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What examples does Harper Lee use to show that Scout does not act like a proper, young...

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maria300ma | Student, Grade 9 | eNoter

Posted October 2, 2011 at 1:27 PM via web

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What examples does Harper Lee use to show that Scout does not act like a proper, young Southern lady in Chapter 6 of To Kill a Mockingbird?

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bullgatortail | High School Teacher | (Level 1) Distinguished Educator

Posted October 3, 2011 at 2:13 AM (Answer #1)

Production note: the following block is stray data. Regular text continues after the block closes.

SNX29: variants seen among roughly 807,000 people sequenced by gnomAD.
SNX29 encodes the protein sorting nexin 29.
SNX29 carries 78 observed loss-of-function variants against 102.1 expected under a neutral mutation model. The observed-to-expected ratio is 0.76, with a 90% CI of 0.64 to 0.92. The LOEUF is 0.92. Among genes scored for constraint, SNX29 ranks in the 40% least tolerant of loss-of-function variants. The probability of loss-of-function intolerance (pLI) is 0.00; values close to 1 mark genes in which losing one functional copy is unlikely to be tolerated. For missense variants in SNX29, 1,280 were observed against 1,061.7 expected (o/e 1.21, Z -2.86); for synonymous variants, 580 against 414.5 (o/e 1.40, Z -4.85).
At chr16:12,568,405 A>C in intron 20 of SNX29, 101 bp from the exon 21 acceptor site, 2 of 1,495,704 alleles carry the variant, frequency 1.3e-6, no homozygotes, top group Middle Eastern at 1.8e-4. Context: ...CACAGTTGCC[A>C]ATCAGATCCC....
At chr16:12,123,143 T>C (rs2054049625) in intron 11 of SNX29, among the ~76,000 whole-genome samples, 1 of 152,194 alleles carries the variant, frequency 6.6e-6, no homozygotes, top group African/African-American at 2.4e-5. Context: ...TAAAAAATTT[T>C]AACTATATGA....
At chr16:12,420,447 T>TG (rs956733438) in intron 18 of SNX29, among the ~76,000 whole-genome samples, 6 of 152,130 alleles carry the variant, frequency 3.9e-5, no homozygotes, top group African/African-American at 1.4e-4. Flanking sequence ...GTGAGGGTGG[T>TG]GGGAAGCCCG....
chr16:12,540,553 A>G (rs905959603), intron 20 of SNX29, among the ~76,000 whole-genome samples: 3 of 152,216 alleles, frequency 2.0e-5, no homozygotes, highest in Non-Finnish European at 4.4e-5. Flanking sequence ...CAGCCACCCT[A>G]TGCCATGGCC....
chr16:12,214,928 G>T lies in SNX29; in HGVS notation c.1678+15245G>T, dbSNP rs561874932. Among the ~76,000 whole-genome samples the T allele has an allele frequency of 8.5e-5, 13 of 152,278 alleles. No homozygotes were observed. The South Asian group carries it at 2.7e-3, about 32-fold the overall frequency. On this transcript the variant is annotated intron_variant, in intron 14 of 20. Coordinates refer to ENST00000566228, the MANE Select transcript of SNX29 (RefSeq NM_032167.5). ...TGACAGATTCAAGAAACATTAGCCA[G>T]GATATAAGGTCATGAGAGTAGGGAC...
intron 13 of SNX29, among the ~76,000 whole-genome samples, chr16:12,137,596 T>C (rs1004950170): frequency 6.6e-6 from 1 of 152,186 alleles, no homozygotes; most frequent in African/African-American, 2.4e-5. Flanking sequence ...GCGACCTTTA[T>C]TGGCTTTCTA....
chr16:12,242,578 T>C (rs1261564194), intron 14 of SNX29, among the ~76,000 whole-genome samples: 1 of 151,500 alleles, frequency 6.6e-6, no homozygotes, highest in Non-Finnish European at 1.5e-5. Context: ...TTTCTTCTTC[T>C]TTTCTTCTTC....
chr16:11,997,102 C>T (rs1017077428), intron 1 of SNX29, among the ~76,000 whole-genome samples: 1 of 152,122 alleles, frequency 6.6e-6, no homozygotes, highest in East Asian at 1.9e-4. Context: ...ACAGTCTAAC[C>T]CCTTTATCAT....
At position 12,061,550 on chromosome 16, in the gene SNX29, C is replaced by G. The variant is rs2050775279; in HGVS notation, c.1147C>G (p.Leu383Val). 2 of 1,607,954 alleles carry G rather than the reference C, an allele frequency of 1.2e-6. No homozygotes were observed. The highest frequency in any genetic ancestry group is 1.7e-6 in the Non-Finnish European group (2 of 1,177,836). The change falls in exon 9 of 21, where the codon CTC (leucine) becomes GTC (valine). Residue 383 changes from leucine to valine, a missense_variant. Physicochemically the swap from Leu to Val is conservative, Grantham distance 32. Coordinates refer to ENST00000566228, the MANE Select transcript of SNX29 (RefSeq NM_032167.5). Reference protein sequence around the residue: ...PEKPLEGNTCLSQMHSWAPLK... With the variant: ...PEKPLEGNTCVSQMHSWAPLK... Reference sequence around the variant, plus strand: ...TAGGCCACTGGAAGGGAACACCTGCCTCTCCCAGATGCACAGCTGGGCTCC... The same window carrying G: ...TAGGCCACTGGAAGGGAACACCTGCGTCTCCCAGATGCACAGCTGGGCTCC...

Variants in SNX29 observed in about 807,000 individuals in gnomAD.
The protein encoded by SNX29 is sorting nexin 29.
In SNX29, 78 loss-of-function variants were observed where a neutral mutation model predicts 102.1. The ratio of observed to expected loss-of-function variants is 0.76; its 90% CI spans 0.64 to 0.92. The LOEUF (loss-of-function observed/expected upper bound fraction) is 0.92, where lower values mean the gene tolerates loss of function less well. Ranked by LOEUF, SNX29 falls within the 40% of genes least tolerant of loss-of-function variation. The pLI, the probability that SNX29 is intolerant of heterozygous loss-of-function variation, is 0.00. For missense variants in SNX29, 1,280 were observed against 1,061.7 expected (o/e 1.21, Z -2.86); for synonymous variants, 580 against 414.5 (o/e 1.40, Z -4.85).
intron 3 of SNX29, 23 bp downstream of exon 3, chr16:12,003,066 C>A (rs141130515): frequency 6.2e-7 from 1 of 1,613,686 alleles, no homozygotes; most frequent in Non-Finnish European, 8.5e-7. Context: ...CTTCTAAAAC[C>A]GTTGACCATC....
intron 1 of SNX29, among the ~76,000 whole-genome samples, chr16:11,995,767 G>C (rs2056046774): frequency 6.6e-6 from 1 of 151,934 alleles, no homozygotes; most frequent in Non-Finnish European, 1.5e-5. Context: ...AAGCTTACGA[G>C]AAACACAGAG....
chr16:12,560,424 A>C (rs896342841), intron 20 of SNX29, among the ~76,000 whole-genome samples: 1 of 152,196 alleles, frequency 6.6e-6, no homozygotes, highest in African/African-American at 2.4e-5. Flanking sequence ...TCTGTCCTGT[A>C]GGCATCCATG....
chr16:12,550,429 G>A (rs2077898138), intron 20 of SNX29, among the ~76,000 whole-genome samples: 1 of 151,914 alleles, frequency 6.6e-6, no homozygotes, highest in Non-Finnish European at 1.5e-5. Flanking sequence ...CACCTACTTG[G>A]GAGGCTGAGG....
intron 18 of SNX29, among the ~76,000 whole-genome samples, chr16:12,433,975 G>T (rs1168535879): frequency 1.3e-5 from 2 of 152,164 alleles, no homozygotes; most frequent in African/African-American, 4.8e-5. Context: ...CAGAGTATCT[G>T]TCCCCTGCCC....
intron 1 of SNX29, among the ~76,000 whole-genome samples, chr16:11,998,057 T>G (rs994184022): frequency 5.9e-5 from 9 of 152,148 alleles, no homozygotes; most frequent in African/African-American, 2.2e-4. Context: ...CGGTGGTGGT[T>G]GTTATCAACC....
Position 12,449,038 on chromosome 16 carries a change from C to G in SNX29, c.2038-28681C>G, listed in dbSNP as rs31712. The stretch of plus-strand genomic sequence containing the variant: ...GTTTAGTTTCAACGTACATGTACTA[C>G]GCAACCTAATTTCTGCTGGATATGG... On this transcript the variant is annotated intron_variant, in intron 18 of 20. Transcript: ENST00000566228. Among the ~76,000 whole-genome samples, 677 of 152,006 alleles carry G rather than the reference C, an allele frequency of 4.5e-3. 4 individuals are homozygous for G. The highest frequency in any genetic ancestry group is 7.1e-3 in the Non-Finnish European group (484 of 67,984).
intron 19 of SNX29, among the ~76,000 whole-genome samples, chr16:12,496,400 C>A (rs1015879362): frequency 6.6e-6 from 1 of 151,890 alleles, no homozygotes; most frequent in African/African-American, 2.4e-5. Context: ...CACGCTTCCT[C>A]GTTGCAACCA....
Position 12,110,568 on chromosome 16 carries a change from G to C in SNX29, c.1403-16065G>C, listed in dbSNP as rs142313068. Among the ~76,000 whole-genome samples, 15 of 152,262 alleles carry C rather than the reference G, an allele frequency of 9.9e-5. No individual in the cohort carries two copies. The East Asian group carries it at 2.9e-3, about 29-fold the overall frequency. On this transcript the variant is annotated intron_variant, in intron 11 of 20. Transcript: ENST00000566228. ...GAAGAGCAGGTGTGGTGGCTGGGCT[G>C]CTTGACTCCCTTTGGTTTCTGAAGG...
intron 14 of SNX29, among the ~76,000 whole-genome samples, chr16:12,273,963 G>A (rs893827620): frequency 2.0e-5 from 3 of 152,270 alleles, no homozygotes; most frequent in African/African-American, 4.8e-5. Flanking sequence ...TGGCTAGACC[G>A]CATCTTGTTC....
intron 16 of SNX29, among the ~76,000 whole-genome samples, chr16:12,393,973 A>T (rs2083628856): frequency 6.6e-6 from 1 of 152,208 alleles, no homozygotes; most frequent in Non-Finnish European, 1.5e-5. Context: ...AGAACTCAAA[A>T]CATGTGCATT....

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Scout has already displayed her tomboy tendencies in the previous chapters of To Kill a Mockingbird. She plays boys' games, such as football and rolling in a tire; she prefers her overalls to skirts; and she likes to fight. In Chapter 6, she "leaped over the low wall that separated Miss Rachel's yard from our driveway." She relates a humorous but unladylike story about Mr. Avery's yellow "arc of water." She joins Jem and Dill on their trek to the Radley's back porch, crawling under a wire fence in the hope of getting a peek at Boo. She helps Jem hoist Dill up so he can look inside the Radley window. She trips and falls in the Radley collard patch and then "rolled" through the fence on their way to safety. She "crawled under the fence" that led to the Deer Pasture and then climbed her back fence. Finally, she is implicated (albeit falsely) in playing a game of "strip poker" with Dill and Jem.

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